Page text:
, 64:28 | Cite as

Recent evaporite deposition associated with microbial mats, Al-Kharrar supratidal–intertidal sabkha, Rabigh area, Red Sea coastal plain of Saudi Arabia

  • Mahmoud A. ArefEmail author
  • Rushdi J. Taj
Original Article


The supratidal–intertidal sabkha of the Al-Kharrar area, Red Sea coast, Saudi Arabia, contains the evaporite minerals gypsum, anhydrite, and halite. Microbial mats flourish adjacent to the sabkha evaporites in tidal flats and pools of the Al Kharrar lagoon. Desiccation and decay of some microbial mats in tidal flat areas have led to precipitation of gypsum and halite there. The evaporite minerals have been precipitated through displacive, inclusive, and replacive growth within mud, sand, gravelly sand, and bioclastic sediment of the sabkha. Gypsum occurs as lenticular and tabular crystals whereas anhydrite occurs as nodular (individual, mosaic, and enterolithic) and pseudomorphs of lenticular gypsum crystals that grew displacively and replacively near the surface of the sabkha. Halite exists as a diagenetic cement within the sabkha sediment, or as primary rafts and skeletal crystals in desiccated tidal pools with salinity over 220‰. Microbial mats are growing on the surface of the upper tidal flat areas and in pools at a salinity range of 80–110‰, and they lead to biostabilization of the sediment. They have induced a range of sedimentary surface structures (MISS) including gas domes, reticulate patterns, tufts, pinnacles, wrinkles, and microbial shrinkage cracks. The occurrence, abundance, and association of evaporite minerals and MISS are controlled by local environmental factors such topography of the sabkha, emergence or submergence of tidal areas, surface area of the evaporite basin, contribution of meteoric water from floods from the adjoining Red Sea Mountains, and water salinity. These factors promote the growth of the microbial mats in the winter months, and deposition of evaporite minerals during summer months. Field and petrographic data indicate that the main recharge to the sabkha area is from tidal flow and water seepage from the Al-Kharrar lagoon. The results of this study indicate that within a small sabkha area of Al-Kharrar (3 × 17 km), a large variation in evaporite mineral types and morphologies grade into and are associated with MISS due to local environmental parameters. The interpretation of this association of evaporite minerals and MISS provides useful data for understanding the mechanisms responsible for precipitation of evaporite minerals and formation of MISS.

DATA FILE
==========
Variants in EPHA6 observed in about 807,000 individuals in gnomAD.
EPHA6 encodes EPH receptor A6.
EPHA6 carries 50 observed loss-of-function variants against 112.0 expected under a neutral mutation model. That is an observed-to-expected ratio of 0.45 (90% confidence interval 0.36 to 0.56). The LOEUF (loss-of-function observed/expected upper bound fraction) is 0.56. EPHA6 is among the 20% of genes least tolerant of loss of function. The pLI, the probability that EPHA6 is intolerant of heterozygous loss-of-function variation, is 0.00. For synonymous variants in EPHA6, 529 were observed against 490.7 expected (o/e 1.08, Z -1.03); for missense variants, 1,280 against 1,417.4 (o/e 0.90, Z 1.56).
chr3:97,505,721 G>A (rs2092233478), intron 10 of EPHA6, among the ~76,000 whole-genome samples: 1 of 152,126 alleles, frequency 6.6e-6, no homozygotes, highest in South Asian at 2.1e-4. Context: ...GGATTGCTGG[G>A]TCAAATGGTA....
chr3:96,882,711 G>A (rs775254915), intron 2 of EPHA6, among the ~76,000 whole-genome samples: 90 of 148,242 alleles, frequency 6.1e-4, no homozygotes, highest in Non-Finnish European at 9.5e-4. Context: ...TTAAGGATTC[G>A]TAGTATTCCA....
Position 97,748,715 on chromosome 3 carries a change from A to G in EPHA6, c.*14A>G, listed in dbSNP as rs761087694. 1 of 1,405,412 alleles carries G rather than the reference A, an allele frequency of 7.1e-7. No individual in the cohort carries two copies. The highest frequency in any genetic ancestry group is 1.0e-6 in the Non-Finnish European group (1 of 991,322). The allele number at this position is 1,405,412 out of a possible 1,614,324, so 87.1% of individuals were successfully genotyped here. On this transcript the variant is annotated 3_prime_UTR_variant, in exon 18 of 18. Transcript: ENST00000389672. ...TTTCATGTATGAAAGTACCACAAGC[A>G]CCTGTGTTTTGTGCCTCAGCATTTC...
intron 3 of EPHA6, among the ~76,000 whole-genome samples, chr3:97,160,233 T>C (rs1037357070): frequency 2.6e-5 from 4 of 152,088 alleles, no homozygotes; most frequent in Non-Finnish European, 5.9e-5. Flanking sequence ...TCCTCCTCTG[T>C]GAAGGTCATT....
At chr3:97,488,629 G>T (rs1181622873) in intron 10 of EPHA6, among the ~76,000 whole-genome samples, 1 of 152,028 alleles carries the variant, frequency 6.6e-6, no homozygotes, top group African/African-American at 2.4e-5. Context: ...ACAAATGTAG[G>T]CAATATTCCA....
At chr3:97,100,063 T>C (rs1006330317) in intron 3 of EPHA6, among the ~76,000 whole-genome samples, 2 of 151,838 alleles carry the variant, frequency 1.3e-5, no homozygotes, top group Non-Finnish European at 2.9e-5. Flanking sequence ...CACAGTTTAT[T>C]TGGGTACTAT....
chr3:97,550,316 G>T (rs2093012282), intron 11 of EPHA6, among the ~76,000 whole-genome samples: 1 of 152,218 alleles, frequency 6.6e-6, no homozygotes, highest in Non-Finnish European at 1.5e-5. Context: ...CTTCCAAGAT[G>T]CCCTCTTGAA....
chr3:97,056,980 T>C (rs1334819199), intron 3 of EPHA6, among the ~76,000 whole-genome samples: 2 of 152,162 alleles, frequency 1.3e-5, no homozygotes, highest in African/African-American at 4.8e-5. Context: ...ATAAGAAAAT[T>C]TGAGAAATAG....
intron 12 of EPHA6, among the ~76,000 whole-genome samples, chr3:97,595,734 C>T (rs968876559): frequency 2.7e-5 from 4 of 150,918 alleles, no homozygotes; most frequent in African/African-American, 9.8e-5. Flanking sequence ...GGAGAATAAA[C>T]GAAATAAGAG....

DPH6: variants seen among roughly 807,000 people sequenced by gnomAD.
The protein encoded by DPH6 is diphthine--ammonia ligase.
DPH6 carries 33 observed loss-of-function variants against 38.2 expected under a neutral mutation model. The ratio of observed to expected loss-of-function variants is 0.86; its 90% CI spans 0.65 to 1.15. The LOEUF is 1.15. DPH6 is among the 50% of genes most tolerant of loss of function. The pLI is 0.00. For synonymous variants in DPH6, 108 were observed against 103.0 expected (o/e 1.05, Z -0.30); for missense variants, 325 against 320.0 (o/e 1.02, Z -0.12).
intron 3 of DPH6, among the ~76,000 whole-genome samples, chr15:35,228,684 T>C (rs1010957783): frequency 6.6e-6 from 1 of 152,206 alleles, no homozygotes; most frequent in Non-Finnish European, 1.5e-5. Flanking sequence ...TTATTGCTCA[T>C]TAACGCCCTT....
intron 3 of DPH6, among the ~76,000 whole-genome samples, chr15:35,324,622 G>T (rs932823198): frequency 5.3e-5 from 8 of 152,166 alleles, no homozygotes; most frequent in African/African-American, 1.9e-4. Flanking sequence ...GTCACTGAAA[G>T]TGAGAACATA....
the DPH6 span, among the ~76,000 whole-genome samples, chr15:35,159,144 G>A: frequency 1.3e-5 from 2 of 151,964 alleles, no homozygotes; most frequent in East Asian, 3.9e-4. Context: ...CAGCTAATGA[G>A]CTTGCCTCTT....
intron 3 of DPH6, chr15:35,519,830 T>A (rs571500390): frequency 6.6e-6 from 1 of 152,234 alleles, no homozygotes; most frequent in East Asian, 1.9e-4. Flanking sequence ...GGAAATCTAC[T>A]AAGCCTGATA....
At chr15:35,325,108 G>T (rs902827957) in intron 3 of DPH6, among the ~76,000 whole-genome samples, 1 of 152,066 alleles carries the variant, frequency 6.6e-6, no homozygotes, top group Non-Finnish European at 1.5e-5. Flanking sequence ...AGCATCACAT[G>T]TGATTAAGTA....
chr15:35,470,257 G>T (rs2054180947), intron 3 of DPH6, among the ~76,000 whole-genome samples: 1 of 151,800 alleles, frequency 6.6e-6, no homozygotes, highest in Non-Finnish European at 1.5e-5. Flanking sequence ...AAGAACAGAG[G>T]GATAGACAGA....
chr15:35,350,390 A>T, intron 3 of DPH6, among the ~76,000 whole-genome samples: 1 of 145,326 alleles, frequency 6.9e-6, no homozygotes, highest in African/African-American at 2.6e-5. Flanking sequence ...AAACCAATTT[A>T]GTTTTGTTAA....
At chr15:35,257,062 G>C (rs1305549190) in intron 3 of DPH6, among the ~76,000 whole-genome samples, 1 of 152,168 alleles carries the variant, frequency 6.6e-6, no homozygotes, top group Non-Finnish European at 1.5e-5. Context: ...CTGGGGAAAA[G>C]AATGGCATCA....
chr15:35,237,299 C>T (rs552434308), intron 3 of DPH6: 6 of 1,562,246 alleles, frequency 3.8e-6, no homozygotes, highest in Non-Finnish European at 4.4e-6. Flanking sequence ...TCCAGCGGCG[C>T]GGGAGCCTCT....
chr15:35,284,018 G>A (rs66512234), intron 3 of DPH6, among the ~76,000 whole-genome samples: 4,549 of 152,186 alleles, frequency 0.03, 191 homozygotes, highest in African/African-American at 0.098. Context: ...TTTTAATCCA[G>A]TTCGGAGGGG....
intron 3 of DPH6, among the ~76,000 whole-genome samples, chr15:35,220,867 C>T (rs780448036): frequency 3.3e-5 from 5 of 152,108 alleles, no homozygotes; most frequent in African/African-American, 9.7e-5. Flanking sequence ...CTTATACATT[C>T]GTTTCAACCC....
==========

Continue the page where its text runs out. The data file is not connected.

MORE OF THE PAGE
Supratidal–intertidal sabkha Tidal flats and pools Recent evaporite sedimentation Microbial structures Red Sea Saudi Arabia 



The authors thank the Deanship of Scientific Research (DSR) at King Abdulaziz University, Jeddah, for funding and technical support under Grant No. 425/145/1436. Many thanks to the Editor-in-Chief Maurice Tucker and two anonymous reviewers for their constructive comments and linguistic correction, which improved the manuscript.


  1. Allwood AC, Burch IW, Rouchy JM, Coleman M (2013) Morphological biosignatures in gypsum: diverse formation processes of Messinian (~ 6.0 Ma) gypsum stromatolites. Astrobio 13:870–886CrossRefGoogle Scholar
  2. Amos CL, Droppo IG, Gomez EA, Murphy TP (2003) The stability of a remediated bed in Hamilton Harbour Lake Ontario, Canada. Sediment 50:149–168CrossRefGoogle Scholar
  3. Andreeva PV (2015) Middle Devonian (Givetian) supratidal sabkha anhydrites from the Moesian Platform (Northeastern Bulgaria). Carbonates Evaporites 30:439–449CrossRefGoogle Scholar
  4. Aref MA (1998) Holocene stromatolites and microbial laminites associated with lenticular gypsum in a marine dominated environment, Ras El Shetan area, Gulf of Aqaba, Egypt. Sediment 45:245–262CrossRefGoogle Scholar
  5. Aref MA, Taj R (2013) Recent analog of gypsified microbial laminites and stromatolites in solar salt works and the Miocene gypsum deposits of Saudi Arabia and Egypt. Arab J Geosci 6(11):4257–4269CrossRefGoogle Scholar
  6. Aref MA, Taj R (2017) Hydrochemical characteristics of sabkha brines, evaporite crystallization and microbial activity in Al-Kharrar sabkha and their implication on future infrastructures in Rabigh area, Red Sea coastal plain of Saudi Arabia. Environ Earth Sci 76(360):1–18Google Scholar